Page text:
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A few comments:

1) These things are nearly indestructible. The filson catalog says they take 10 years to break in and when I first read that I thought it was absolutely absurd. After carrying it almost daily for nearly a year and a half and having people comment that it still looked almost new, I am now a believer. As you can see, the case does not look that much different from when it was brand new even after near daily use for a year and a half (including 2 Minnesota winters!).

2) These pictures were taken so I could sell it on ebay and as such highlight the nicks and dings I put on the bag - though for the amount of time I used it there arent too many as you can see. I thought I needed a bigger bag so I got the larger of the 2 Swaine Adeney full strap dispatch bags (larger version of the case Peter Eliot mentioned in his posts - I've seen some here though I don't know if he posted as many pics here as he did on Style Forum in the "briefcase porn" thread). After carrying that around half empty every day, spending 3 times as much, and frankly finding the Swaine Adeney quality not that much greater than the Filson quality, I regret my decision to sell the Filson and replace it with the Swaine Adeney. The comments made about the more "rough" nature of the Filson as compared the more polished, finished nature of the Swaine Adeney are true, but are not, in my opinion as great as they may be made out to be. For example, in the first couple pictures you'll be able to see that I've remedied the "unfinished" look of the Filson gussets from the side view. When you buy this case new the gussets are not uniform in the way they flex. I simply wetted the leather in that area and molded it to look the way I wanted it to look. I laid it flat, put a couple books on top overnight to keep the folds in place, and in the morning the shape I wanted was fixed permanently into place.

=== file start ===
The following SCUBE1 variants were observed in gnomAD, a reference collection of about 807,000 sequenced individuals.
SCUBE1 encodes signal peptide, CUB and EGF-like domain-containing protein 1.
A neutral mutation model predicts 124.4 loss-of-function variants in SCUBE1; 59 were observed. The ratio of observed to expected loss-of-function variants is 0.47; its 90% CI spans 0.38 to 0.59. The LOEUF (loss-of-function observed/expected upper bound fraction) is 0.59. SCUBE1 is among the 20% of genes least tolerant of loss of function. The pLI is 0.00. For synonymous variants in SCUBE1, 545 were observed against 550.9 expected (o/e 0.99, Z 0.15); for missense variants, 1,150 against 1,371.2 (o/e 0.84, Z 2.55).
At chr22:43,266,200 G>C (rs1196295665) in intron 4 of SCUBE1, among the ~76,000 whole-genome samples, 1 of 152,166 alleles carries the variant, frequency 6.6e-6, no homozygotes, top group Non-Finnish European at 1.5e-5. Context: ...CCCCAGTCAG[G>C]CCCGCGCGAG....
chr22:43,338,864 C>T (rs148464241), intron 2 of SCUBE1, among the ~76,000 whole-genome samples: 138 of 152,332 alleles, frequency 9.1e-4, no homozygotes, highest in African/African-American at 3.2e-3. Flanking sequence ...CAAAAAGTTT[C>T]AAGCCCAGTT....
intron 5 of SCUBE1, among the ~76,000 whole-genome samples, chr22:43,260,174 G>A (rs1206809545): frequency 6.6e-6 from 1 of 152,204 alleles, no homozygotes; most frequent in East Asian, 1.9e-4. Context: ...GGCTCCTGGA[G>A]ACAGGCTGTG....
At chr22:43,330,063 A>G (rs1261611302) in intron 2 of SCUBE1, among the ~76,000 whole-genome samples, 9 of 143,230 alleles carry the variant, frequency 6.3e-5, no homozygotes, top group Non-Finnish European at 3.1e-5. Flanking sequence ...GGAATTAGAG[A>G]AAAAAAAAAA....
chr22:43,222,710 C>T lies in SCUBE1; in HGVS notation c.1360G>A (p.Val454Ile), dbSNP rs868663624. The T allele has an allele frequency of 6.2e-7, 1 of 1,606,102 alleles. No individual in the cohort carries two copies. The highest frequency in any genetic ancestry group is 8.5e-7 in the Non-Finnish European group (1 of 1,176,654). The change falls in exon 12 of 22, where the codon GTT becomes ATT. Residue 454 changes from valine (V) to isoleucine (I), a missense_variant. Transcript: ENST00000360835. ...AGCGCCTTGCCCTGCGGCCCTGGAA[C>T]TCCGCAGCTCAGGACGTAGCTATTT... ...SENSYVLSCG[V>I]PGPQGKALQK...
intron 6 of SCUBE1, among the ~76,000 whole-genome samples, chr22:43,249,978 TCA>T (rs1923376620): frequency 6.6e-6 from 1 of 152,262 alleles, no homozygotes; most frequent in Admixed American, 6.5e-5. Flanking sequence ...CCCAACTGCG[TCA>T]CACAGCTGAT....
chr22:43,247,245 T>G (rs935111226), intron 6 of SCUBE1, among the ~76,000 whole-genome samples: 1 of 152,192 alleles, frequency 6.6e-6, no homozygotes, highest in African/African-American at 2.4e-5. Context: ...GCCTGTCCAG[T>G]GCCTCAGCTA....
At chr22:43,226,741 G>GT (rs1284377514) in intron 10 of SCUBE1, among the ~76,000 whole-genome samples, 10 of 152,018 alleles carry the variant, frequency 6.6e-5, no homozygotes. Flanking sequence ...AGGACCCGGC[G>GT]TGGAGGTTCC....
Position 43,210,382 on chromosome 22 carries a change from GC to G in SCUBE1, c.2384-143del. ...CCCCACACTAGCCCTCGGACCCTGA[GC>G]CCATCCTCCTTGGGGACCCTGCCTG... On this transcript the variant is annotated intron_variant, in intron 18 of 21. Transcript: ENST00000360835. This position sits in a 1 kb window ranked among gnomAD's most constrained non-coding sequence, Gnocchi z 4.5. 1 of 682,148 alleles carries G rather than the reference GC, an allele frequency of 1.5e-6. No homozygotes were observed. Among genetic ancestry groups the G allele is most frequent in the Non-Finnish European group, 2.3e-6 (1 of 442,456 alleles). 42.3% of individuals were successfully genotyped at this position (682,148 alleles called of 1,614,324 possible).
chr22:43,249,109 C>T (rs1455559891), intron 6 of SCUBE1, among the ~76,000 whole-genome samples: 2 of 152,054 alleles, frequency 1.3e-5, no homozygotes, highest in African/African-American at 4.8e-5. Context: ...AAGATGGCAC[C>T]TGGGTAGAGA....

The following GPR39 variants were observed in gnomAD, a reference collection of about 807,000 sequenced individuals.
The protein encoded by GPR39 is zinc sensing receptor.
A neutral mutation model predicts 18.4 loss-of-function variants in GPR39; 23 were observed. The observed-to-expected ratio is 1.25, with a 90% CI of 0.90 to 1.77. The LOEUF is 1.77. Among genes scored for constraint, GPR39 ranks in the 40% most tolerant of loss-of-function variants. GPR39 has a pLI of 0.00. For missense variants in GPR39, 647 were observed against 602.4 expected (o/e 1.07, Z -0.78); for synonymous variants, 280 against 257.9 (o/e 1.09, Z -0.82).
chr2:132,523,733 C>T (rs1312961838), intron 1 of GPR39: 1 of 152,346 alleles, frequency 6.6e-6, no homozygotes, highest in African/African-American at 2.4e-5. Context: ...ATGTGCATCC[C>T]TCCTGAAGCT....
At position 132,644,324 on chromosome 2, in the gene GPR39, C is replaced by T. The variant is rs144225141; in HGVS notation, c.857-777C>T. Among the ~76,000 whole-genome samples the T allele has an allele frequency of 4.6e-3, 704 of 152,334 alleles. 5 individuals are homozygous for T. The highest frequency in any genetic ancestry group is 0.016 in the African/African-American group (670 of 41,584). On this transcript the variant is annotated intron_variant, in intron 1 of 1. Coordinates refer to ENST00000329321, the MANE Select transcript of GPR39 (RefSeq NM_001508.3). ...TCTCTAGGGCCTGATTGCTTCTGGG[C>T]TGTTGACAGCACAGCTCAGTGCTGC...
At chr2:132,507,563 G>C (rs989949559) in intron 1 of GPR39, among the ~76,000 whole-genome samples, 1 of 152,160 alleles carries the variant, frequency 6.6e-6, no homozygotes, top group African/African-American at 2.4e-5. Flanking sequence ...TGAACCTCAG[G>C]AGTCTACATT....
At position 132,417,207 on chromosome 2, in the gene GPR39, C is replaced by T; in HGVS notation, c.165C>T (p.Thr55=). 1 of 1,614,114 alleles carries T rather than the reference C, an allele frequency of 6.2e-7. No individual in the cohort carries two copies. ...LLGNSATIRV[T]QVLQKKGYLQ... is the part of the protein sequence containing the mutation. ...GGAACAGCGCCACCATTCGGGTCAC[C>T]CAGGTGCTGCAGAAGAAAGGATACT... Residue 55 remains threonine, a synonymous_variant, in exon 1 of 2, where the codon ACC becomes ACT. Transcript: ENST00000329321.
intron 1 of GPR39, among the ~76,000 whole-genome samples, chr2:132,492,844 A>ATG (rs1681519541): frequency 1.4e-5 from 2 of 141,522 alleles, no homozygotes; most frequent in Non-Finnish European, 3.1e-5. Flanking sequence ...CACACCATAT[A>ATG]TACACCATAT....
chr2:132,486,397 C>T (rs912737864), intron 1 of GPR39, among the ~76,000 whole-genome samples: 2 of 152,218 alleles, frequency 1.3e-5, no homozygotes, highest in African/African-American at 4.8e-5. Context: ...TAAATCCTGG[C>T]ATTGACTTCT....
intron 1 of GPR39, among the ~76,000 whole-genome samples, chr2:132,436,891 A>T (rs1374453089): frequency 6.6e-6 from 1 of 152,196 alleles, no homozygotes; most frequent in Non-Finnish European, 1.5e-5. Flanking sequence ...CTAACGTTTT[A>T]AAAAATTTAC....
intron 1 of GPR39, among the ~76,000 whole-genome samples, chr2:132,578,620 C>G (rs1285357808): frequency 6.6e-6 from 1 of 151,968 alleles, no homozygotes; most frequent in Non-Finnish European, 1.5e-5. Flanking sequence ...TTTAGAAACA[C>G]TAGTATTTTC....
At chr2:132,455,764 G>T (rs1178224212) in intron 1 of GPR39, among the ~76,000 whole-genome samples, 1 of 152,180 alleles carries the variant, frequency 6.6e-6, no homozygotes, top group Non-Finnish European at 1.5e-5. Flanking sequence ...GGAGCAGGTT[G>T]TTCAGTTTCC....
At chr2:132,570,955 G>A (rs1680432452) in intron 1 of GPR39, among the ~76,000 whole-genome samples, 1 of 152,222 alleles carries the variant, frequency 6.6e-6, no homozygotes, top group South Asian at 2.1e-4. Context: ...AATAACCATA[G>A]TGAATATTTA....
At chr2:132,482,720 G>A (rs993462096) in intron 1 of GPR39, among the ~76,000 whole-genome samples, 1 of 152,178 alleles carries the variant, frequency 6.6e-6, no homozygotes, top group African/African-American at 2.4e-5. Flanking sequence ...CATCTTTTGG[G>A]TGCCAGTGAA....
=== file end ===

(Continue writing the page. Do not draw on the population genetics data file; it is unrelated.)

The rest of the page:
3) The big bonus, for me, of the Swaine Adeney was the tan color.

Hope these pics help. I'm happy to respond to other questions.
 

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Discussion Starter · #6 ·
Thanks very much Joal, that's much appreciated. I've been using mine for a while now and it still looks pretty much new too.

It's interesting that yours also appears to be a little "off" to the right (where the flap covers the front of the case). Mine and PeterEliot's are the same. Perhaps Filson needs to put a spirit level on their benches?:icon_smile_big:

Thanks again for the pics.

TB
 

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filson flap level

The flap not lining up perfectly is something I discussed with Filson and, in fact, I did return one case because of it. Their explanation was that since the cases are made primarily by hand, some imperfections are to be expected. They were willing to send me a new case, which they did, but as you can see the new case had the same issue.